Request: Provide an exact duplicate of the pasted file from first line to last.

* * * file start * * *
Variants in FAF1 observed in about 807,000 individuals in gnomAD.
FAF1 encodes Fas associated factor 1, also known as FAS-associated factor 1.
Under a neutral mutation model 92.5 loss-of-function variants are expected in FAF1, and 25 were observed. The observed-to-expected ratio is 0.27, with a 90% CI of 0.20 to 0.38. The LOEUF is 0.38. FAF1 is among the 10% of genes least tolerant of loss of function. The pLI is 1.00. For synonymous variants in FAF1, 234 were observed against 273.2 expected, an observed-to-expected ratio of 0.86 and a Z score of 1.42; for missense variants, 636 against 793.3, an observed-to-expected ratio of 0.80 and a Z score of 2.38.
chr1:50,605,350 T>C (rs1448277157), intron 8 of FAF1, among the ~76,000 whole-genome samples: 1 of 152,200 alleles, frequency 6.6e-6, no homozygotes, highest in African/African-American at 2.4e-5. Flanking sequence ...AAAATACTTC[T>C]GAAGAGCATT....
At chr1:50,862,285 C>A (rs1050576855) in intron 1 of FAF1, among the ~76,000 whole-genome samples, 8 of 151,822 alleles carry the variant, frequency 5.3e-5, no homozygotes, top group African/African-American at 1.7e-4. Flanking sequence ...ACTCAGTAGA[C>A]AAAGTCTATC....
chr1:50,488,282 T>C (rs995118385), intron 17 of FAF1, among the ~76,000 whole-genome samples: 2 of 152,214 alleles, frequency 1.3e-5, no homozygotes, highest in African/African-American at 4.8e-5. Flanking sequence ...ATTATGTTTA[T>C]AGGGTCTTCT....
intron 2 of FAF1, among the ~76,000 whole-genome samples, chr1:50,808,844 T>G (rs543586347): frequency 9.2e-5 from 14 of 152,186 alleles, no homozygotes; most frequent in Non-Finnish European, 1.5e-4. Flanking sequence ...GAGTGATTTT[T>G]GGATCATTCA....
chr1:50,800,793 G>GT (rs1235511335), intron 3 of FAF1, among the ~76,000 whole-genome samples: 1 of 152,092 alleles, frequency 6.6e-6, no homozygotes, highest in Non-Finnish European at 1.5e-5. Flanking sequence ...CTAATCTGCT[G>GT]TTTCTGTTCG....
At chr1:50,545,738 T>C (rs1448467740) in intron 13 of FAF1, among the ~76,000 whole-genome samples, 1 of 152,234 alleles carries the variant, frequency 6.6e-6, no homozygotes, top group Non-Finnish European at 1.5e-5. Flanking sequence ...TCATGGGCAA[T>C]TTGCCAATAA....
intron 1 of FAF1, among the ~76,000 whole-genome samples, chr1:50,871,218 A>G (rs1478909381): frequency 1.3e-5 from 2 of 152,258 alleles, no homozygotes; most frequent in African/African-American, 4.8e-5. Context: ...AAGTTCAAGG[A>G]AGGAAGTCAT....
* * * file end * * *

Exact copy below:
Variants in FAF1 observed in about 807,000 individuals in gnomAD.
FAF1 encodes Fas associated factor 1, also known as FAS-associated factor 1.
Under a neutral mutation model 92.5 loss-of-function variants are expected in FAF1, and 25 were observed. The observed-to-expected ratio is 0.27, with a 90% CI of 0.20 to 0.38. The LOEUF is 0.38. FAF1 is among the 10% of genes least tolerant of loss of function. The pLI is 1.00. For synonymous variants in FAF1, 234 were observed against 273.2 expected, an observed-to-expected ratio of 0.86 and a Z score of 1.42; for missense variants, 636 against 793.3, an observed-to-expected ratio of 0.80 and a Z score of 2.38.
chr1:50,605,350 T>C (rs1448277157), intron 8 of FAF1, among the ~76,000 whole-genome samples: 1 of 152,200 alleles, frequency 6.6e-6, no homozygotes, highest in African/African-American at 2.4e-5. Flanking sequence ...AAAATACTTC[T>C]GAAGAGCATT....
At chr1:50,862,285 C>A (rs1050576855) in intron 1 of FAF1, among the ~76,000 whole-genome samples, 8 of 151,822 alleles carry the variant, frequency 5.3e-5, no homozygotes, top group African/African-American at 1.7e-4. Flanking sequence ...ACTCAGTAGA[C>A]AAAGTCTATC....
chr1:50,488,282 T>C (rs995118385), intron 17 of FAF1, among the ~76,000 whole-genome samples: 2 of 152,214 alleles, frequency 1.3e-5, no homozygotes, highest in African/African-American at 4.8e-5. Flanking sequence ...ATTATGTTTA[T>C]AGGGTCTTCT....
intron 2 of FAF1, among the ~76,000 whole-genome samples, chr1:50,808,844 T>G (rs543586347): frequency 9.2e-5 from 14 of 152,186 alleles, no homozygotes; most frequent in Non-Finnish European, 1.5e-4. Flanking sequence ...GAGTGATTTT[T>G]GGATCATTCA....
chr1:50,800,793 G>GT (rs1235511335), intron 3 of FAF1, among the ~76,000 whole-genome samples: 1 of 152,092 alleles, frequency 6.6e-6, no homozygotes, highest in Non-Finnish European at 1.5e-5. Flanking sequence ...CTAATCTGCT[G>GT]TTTCTGTTCG....
At chr1:50,545,738 T>C (rs1448467740) in intron 13 of FAF1, among the ~76,000 whole-genome samples, 1 of 152,234 alleles carries the variant, frequency 6.6e-6, no homozygotes, top group Non-Finnish European at 1.5e-5. Flanking sequence ...TCATGGGCAA[T>C]TTGCCAATAA....
intron 1 of FAF1, among the ~76,000 whole-genome samples, chr1:50,871,218 A>G (rs1478909381): frequency 1.3e-5 from 2 of 152,258 alleles, no homozygotes; most frequent in African/African-American, 4.8e-5. Context: ...AAGTTCAAGG[A>G]AGGAAGTCAT....